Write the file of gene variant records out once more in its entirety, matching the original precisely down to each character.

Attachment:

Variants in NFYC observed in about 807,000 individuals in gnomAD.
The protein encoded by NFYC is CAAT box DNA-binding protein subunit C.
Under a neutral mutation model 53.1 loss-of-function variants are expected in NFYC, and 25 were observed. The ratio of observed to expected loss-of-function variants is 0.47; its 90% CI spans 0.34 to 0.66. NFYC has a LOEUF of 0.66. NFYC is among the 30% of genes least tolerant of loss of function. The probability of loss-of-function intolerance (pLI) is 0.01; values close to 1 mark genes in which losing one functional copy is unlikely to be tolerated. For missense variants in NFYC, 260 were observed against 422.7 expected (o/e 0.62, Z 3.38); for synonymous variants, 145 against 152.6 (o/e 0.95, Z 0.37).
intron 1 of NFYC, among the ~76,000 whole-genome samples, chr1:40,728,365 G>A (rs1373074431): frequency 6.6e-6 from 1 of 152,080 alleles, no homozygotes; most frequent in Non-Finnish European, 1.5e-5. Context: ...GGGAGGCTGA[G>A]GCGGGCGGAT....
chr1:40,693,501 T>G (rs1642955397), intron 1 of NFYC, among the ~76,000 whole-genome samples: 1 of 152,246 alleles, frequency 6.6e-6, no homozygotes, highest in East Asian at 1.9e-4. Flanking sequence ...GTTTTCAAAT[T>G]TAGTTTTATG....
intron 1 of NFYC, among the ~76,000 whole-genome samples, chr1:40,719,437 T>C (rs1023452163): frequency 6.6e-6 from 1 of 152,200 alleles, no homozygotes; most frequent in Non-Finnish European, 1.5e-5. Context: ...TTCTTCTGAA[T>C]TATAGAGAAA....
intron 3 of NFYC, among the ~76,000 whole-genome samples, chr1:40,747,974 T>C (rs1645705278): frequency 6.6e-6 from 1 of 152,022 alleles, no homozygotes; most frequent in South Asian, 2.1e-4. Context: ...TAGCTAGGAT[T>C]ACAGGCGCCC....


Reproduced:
Variants in NFYC observed in about 807,000 individuals in gnomAD.
The protein encoded by NFYC is CAAT box DNA-binding protein subunit C.
Under a neutral mutation model 53.1 loss-of-function variants are expected in NFYC, and 25 were observed. The ratio of observed to expected loss-of-function variants is 0.47; its 90% CI spans 0.34 to 0.66. NFYC has a LOEUF of 0.66. NFYC is among the 30% of genes least tolerant of loss of function. The probability of loss-of-function intolerance (pLI) is 0.01; values close to 1 mark genes in which losing one functional copy is unlikely to be tolerated. For missense variants in NFYC, 260 were observed against 422.7 expected (o/e 0.62, Z 3.38); for synonymous variants, 145 against 152.6 (o/e 0.95, Z 0.37).
intron 1 of NFYC, among the ~76,000 whole-genome samples, chr1:40,728,365 G>A (rs1373074431): frequency 6.6e-6 from 1 of 152,080 alleles, no homozygotes; most frequent in Non-Finnish European, 1.5e-5. Context: ...GGGAGGCTGA[G>A]GCGGGCGGAT....
chr1:40,693,501 T>G (rs1642955397), intron 1 of NFYC, among the ~76,000 whole-genome samples: 1 of 152,246 alleles, frequency 6.6e-6, no homozygotes, highest in East Asian at 1.9e-4. Flanking sequence ...GTTTTCAAAT[T>G]TAGTTTTATG....
intron 1 of NFYC, among the ~76,000 whole-genome samples, chr1:40,719,437 T>C (rs1023452163): frequency 6.6e-6 from 1 of 152,200 alleles, no homozygotes; most frequent in Non-Finnish European, 1.5e-5. Context: ...TTCTTCTGAA[T>C]TATAGAGAAA....
intron 3 of NFYC, among the ~76,000 whole-genome samples, chr1:40,747,974 T>C (rs1645705278): frequency 6.6e-6 from 1 of 152,022 alleles, no homozygotes; most frequent in South Asian, 2.1e-4. Context: ...TAGCTAGGAT[T>C]ACAGGCGCCC....